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Research Papers: Gas Turbines: Combustion, Fuels, and Emissions

Cylinder Pressure Information-Based Postinjection Timing Control for Aftertreatment System Regeneration in a Diesel Engine—Part II: Active Diesel Particulate Filter Regeneration

[+] Author and Article Information
Hyunjun Lee

Department of Automotive Engineering,
Hanyang University,
222 Wangsimni-ro,
Seongdong-gu,
Seoul 133-791, South Korea
e-mail: thomasjr@hanyang.ac.kr

Jaesik Shin

Department of Mechanical and
Automotive Engineering,
Keimyung University,
1095 Dalgubeol-daero,
Daegu 704-701, South Korea
e-mail: sin7807@kmu.ac.kr

Manbae Han

Department of Mechanical and
Automotive Engineering,
Keimyung University,
1095 Dalgubeol-daero,
Daegu 704-701, South Korea
e-mail: mbhan2002@kmu.ac.kr

Myoungho Sunwoo

Department of Automotive Engineering,
Hanyang University,
222 Wangsimni-ro,
Seongdong-gu,
Seoul 133-791, South Korea
e-mail: msunwoo@hanyang.ac.kr

1Corresponding author.

Contributed by the Combustion and Fuels Committee of ASME for publication in the JOURNAL OF ENGINEERING FOR GAS TURBINES AND POWER. Manuscript received December 31, 2015; final manuscript received January 10, 2016; published online March 15, 2016. Editor: David Wisler.

J. Eng. Gas Turbines Power 138(8), 081508 (Mar 15, 2016) (12 pages) Paper No: GTP-15-1587; doi: 10.1115/1.4032541 History: Received December 31, 2015; Revised January 10, 2016

The successful utilization of a diesel particulate filter (DPF) to reduce particulate matter (PM) in a passenger car diesel engine necessitates a periodic regeneration of the DPF catalyst without deterioration of the drivability and emission control performance. For successful active DPF regeneration, the exhaust gas temperature should be over 500 °C to oxidize the soot loaded in the DPF. Previous research increased the exhaust gas temperature by applying early and late post fuel injection with a look-up table (LUT) based feedforward control implemented into the engine management system (EMS). However, this method requires enormous calibration work to find the optimal timing and quantity of the main, early, and late post fuel injection with less certainty of accurate torque control. To address this issue, we propose a cylinder pressure based multiple fuel injection (MFI) control method for active DPF regeneration. The feedback control of the indicated mean effective pressure (IMEP), lambda, and DPF upstream temperature was applied to precisely control the injection quantity of the main, early, and late post fuel injection. To determine their fuel injection timings, a mass fraction burned 60% after location of the rate of heat release maximum (MFB60aLoROHRmax) was proposed based on the cylinder pressure information. The proposed control method was implemented in an in-house EMS and validated at several engine operating conditions. During the regeneration period, the exhaust gas temperature tracked the desired temperature, and the engine torque fluctuation was minimized with minimal PM and NOx emissions.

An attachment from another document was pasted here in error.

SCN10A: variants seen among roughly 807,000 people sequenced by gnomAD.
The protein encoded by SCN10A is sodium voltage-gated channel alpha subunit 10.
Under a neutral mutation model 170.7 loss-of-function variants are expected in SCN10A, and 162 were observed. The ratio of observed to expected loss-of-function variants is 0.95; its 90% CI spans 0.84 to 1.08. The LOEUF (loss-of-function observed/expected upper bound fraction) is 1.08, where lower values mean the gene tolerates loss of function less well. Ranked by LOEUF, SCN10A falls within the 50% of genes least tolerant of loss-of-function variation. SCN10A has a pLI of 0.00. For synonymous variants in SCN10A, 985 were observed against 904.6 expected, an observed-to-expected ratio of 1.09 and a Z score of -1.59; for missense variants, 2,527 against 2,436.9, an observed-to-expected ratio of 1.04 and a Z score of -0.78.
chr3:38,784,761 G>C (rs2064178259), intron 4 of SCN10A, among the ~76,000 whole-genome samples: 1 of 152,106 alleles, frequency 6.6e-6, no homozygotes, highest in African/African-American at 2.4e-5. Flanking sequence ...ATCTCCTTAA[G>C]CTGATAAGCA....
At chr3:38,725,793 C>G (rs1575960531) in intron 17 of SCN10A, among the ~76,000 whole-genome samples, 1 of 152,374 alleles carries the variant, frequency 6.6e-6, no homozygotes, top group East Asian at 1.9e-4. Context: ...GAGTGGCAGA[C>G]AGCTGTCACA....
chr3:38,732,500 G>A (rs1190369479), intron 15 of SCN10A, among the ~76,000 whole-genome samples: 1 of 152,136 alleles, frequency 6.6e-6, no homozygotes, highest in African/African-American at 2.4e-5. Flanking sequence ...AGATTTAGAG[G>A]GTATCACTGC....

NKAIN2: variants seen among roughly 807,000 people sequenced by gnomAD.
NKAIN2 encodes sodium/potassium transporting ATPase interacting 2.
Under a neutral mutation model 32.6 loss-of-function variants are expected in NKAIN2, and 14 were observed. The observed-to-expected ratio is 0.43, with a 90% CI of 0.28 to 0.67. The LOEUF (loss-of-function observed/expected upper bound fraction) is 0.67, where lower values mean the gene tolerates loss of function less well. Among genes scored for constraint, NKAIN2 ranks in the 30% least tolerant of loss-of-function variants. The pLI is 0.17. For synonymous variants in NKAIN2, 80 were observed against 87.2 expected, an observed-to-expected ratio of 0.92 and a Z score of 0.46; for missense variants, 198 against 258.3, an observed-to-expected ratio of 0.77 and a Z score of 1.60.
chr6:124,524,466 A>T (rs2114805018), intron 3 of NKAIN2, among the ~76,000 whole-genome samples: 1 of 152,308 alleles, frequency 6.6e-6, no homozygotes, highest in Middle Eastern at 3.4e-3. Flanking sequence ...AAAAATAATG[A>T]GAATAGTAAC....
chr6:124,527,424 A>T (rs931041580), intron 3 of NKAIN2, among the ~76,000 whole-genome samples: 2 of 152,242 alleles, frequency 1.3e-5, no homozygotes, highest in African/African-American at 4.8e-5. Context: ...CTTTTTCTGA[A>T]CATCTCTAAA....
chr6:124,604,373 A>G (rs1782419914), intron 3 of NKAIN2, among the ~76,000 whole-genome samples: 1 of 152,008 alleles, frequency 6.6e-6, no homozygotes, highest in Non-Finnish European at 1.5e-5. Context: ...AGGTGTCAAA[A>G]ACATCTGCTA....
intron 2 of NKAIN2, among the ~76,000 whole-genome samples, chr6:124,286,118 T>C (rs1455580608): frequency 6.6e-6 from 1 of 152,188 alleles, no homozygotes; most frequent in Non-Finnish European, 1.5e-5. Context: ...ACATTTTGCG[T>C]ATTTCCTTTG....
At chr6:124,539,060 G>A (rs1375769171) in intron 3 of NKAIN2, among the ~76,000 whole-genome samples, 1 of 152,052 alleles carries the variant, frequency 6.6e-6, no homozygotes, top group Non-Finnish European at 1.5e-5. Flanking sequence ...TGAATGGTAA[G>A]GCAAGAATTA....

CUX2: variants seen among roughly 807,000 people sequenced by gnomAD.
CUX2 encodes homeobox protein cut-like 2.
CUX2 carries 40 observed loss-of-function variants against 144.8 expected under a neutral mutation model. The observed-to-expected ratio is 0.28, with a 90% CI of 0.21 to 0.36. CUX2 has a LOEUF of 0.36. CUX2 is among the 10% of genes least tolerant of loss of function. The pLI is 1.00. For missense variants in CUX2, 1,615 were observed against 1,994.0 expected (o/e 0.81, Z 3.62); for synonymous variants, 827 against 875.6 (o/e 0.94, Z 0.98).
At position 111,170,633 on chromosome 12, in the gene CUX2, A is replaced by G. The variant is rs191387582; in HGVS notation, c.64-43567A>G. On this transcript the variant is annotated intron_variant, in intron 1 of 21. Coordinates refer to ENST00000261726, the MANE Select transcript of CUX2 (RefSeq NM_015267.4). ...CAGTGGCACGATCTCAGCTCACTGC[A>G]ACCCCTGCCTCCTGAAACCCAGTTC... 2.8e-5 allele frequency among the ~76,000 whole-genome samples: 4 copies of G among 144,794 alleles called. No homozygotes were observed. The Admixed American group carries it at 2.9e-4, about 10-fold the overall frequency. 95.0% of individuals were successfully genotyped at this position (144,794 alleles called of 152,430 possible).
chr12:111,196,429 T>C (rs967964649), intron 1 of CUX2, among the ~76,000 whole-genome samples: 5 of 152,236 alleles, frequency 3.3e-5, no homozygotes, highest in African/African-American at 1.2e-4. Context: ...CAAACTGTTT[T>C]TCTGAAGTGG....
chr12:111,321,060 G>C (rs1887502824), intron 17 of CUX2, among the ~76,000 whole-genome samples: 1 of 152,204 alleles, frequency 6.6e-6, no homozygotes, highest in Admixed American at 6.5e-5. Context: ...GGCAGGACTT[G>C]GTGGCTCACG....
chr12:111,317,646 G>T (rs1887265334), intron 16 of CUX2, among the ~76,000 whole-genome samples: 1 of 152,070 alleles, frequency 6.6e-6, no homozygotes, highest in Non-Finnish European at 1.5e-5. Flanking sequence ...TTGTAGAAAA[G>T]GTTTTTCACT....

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Figures

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Fig. 2

Air system schematic diagram and measured sensor signals of the DAQ system

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Fig. 1

Schematic diagram of the engine control and DAQ systems

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Fig. 3

Validation conditions of the proposed control method

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Fig. 7

Structure of the MFI quantity control algorithm for DPF regeneration

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Fig. 8

Structure of the MFI timing control algorithm for DPF regeneration

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Fig. 9

Schematic diagram of the air system controller during regeneration

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Fig. 6

Effect of the POI2 timing changes on the exhaust emissions and torque over the MFBXaLoROHRmax at a different engine speed and MI quantity (POI1-OFF&POI2-ON)

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Fig. 10

Steady-state validation results of the feedback control parameters

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Fig. 11

Validation result of the fuel injection system control during DPF regeneration at 2000 rpm of engine speed and 8 bar of BMEP

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Fig. 12

CO and THC comparison result at the upstream and downstream of the DPF during regeneration under 2000 rpm of engine speed and 8 bar of BMEP

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Fig. 4

Effect of the POI2 and POI1 quantity changes on the exhaust gas temperature, emissions, and torque

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Fig. 5

Effect of the POI2 and POI1 timing changes on the exhaust gas temperature, emissions, and torque

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